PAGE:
An otherwise ordinary Victorian terrace house conceals within a Cathedral of decoration.
Today marks the anniversary of a certain Queen giving a rather famous speech to her troops in Tilbury. But why Tilbury?
A collection of old films about the River Thames has been released from the BFI National Archive showing the Thames at trade, at war and at peace.
A notorious water pump at Aldgate was once praised for its clean clear water yet killed hundreds of Londoners – is currently being restored.
Found under the streets of London, a unique Roman stylus, with the most elaborate and expressive inscription of its kind has gone on display.
There is a wooden door near Bank tube station that’s worth paying a visit to at weekends, for only then can it be truly admired.
It’s a compliment of sorts when your museum is so popular that it has to stop allowing people to just turn up and visit.
Behind a modern building in the City of London can be found from the outside a rather ordinary building, and yet inside is a heritage that goes back centuries.
A Cathedral packed with monuments, here are the three smallest – military brasses, Solomons temple… and a piece of King Herod’s 2nd Jerusalem Temple, maybe.
A street in Bermondsey has a car repair shop with a relic of times when horsepower was measured in low digits – two horses heads on the frontage.
It’s Christmas Eve 1924 and while people are preparing for the festivities, the City of London is busy preparing an urgent notice – they plan to close St Paul’s Cathedral.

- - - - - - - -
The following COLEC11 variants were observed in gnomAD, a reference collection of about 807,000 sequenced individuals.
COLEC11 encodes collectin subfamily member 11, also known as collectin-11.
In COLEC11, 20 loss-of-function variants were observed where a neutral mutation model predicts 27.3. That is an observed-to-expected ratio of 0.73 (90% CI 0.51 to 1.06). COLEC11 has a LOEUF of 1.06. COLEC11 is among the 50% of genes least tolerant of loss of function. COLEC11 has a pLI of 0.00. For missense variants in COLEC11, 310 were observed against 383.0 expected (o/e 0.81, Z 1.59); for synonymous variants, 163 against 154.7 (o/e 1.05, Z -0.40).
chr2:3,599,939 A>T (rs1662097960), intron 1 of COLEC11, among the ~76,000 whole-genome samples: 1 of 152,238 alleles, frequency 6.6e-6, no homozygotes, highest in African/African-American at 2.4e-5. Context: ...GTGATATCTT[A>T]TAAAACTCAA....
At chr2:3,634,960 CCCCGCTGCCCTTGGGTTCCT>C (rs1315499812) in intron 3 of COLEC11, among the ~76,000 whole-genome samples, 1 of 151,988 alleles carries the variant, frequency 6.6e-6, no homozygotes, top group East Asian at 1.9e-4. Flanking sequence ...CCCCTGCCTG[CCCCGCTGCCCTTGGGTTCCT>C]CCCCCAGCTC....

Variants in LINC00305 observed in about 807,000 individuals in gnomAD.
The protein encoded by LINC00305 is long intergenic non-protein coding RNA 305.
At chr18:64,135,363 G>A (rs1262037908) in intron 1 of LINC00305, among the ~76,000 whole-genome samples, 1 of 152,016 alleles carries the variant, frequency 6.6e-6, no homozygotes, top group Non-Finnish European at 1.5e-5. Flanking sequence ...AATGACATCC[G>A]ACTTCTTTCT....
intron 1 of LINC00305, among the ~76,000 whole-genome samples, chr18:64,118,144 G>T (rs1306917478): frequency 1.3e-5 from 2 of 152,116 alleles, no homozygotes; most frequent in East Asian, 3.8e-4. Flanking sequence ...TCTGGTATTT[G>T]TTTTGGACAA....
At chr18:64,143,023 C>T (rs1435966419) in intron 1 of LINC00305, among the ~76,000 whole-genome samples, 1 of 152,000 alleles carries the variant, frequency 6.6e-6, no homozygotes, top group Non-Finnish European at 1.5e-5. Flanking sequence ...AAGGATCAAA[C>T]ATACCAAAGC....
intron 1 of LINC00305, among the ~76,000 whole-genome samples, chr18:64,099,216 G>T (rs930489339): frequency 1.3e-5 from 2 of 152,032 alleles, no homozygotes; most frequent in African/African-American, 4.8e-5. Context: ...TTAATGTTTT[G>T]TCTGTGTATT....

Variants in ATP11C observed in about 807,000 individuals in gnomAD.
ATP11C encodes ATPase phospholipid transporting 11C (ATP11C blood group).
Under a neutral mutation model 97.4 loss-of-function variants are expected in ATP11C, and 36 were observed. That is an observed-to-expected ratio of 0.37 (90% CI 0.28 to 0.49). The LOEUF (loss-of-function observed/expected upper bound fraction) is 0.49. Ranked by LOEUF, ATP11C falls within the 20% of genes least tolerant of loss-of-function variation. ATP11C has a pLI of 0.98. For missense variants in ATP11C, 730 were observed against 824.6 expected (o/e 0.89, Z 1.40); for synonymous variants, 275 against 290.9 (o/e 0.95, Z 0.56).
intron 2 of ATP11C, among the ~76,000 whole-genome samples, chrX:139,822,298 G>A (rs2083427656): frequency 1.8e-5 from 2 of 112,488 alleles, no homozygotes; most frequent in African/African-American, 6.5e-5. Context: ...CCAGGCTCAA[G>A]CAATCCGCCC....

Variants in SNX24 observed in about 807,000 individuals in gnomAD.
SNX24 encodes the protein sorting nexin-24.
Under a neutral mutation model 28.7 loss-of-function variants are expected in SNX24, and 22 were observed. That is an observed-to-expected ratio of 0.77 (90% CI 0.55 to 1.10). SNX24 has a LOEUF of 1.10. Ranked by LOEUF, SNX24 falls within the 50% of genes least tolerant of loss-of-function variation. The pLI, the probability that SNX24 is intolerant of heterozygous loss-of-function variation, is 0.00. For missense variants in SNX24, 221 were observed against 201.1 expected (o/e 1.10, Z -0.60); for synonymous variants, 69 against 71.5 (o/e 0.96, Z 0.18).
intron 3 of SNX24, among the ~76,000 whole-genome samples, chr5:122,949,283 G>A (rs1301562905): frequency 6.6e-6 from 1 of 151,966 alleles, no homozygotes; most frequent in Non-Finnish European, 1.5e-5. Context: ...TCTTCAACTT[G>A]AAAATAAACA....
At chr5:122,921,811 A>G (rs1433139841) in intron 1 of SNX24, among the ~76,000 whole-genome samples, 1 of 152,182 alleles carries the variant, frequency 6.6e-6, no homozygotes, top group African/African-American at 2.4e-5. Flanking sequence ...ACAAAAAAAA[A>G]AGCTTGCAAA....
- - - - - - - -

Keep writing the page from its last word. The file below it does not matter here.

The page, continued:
Underneath the Guildhall art gallery is a small space that currently has three historic documents on display.
A tower on the edge of London in danger of ruin has been saved following a campaign, and will be restored and opened to the public.
For a few weeks there’s a display of some of the grand building projects that defined London as a city. From ancient to very modern, lost and still standing.
Surprisingly few people know this, but it’s possible to visit the City of London’s magnificent Guildhall building, the oldest non-ecclesiastical stone building in the City.
On a small side street can be found one of London’s few remaining cast iron pissoirs — or mens urinals.
Although Smithfields is still a functioning meat market, about half of the Victorian buildings are derelict and this weekend is a chance to go inside.
Famous for its 18th century alms house buildings, the Geffrye Museum is currently being gutted and turned into something rather interesting.
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